Leader Blues

Wednesday, March 14, 2007

TOP STORY >>Will the golf course become a subdivision?

By RICK KRON
Leader staff writer

“It’s a done deal,” banker Al Harkins told more than 150 Sherwood residents meeting Monday night over concerns that the North Hills Country Club and Golf Course would be turned into a high-end housing development. Harkins, president of National Bank of Arkansas, said his bank is providing the financing to the group led by a businessman in Little Rock and one in Searcy.
“The sale will go through, but the buyers are open to listening to the residents. The buyers are buying the property as an investment, and even though they have drawn up plans to build a gated community, they are willing to listen.”

Homeowners who abut the golf course are upset at the thought that the 100-acre property could be turned into housing and feel the deal is violating their bill of assurances. The meeting, set up Dalton Davies and Mike Corker, was to get feedback from residents. “This meeting is the first in a long process,” said Corker, “to see if we can save the golf course.”

“But once that bulldozer comes off the trailer and the blades go down, the party is over,” said resident Greg Meador.
Harkins said that, in dealing with the buyers, “I told them I’d like to see it stay a golf course.”

He said that a residential subdivision financially would be a better deal because it would bring tax money into the city, but as a golf course that’s something “you can’t put a dollar figure to.”

“Sherwood needs to have a golf course,” the banker reiterated, and the crowd readily agreed. One option discussed was to have the city buy and operate it. “I’d be happy to change the name on the paperwork and loan the city the money,” Harkins said.

Former Mayor Bill Harmon said the city couldn’t buy the property directly, but it could be purchased through the city’s facility board. “That’s how we bought Woody’s Sherwood Forest. The facility board bought it, and the city paid the board back,” the former mayor said.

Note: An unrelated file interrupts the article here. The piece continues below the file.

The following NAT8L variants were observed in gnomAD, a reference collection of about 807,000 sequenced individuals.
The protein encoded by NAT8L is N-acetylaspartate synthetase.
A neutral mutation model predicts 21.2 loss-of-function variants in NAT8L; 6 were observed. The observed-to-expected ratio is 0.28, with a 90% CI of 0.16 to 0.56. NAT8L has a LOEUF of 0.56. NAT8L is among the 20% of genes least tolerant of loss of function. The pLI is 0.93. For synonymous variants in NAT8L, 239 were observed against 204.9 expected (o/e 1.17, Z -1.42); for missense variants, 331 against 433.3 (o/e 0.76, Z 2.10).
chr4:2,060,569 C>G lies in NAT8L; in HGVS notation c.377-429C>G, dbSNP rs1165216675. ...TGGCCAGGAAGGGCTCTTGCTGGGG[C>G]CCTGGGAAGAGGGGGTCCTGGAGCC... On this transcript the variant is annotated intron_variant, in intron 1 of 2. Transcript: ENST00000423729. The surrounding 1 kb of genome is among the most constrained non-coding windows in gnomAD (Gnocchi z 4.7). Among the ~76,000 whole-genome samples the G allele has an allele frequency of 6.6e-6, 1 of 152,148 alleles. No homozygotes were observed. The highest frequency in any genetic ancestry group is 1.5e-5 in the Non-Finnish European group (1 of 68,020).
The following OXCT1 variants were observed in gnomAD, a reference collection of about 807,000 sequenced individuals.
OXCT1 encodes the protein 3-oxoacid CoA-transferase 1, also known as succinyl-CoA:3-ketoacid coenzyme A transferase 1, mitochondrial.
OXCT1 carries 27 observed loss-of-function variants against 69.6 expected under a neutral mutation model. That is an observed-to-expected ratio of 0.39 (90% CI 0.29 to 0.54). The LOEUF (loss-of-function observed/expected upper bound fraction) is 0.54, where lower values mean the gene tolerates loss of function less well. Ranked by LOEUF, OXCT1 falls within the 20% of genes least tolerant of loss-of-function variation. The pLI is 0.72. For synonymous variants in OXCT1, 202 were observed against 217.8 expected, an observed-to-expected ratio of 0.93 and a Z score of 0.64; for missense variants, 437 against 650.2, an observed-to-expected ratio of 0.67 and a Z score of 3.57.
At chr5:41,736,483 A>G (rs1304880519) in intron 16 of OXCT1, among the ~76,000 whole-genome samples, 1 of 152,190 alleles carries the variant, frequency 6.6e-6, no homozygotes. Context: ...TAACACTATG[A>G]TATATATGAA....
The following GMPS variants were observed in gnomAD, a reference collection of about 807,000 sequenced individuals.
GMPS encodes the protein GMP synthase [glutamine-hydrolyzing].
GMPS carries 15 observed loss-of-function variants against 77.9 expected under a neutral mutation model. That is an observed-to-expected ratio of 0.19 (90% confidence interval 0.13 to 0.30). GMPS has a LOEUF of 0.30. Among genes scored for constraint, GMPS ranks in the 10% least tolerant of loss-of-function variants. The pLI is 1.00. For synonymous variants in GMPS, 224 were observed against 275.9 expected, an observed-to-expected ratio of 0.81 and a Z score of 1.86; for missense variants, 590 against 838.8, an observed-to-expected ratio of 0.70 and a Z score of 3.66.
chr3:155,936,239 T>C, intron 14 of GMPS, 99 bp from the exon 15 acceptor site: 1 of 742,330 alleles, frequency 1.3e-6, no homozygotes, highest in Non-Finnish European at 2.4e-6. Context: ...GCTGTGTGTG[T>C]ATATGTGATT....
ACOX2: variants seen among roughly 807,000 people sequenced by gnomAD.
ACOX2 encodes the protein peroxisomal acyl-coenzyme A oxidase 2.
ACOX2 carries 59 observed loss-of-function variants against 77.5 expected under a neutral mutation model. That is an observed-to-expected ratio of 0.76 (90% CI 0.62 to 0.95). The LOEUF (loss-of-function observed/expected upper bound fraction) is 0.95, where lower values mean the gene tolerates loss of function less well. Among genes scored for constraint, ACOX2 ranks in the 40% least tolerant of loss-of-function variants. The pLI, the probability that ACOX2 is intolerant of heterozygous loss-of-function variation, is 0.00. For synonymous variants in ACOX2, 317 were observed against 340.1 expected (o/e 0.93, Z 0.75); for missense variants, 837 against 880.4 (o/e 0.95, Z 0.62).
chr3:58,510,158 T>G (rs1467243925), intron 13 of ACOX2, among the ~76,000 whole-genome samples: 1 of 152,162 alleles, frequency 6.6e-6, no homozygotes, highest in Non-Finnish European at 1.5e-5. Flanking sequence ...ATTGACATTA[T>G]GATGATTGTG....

Alderman Becki Vassar, one of six aldermen at the meeting at the Bill Harmon Recreation Center, told the crowd that the area is zoned R-1 for residential, meaning it would be hard to stop anyone from building single-family homes on the acreage.
“One of our concerns is that if the high-end lots don’t sell, then the developer could come back and ask to build apartments or condominiums, and many think we already have too many apartments.”

The new owners, according to Harkins, would also like to build a commercial strip facing Highway 107. “That could not be done without council approval,” Vassar said. Harkins added that the buyers would be willing to meet with a committee of city officials that Mayor Dan Stedman organized to look into different options.

“We can meet with them tomorrow,” Vassar said. Bob Franks, a former president of the North Hills Country Club, said that when the Matthews family deeded over the land in 1926 it was guaranteed to be a country club and golf course for 100 years. “We’ve got another 19 years. Who changed the bill of assurances?”

Franks and others are meeting with a real estate lawyer later this week to see what happened. He said city residents have used the clubhouse for 82 years. “Everyone has been touched by the country club in one fashion or the other.” Franks said the club was purchased about a dozen years ago by a country club management firm out of Dallas.

“They did a good job and then the oil industry went in the dumps and they sold the club along with a few others that weren’t making enough of a profit,” he said. A group came in, and, according to a number of residents, paid so little for the club that they in effect “stole it.”

The current management is losing money on the facilities. “If I ran my business the way they run the club, I’d sell it too, “ said resident Steve Winchester. Harkins said even if the buyers back out, which he said they wouldn’t be doing, the club would still close. “The owners say they can’t keep feeding this thing,” Harkins said.

Television personality Matt Moser, who also lives in Sherwood, said, “Most of you would agree a municipal golf course is better for all the citizens than an exclusive community of $400,000 to $500,000 homes. My question is can we stop it?”
Mayor Stedman was in Washington for a National League of Cities meeting and was unable to make the citizens meeting, but he did appoint a committee to meet with the buyers.

The committee includes the mayor; Vassar; City Attorney Steve Cobb; Keith Rankin with the parks and recreation committee; Linda Nickle, director of economics development for the city; Sonny Jannsen, director of the parks and recreation department, and City Engineer Mike Clayton.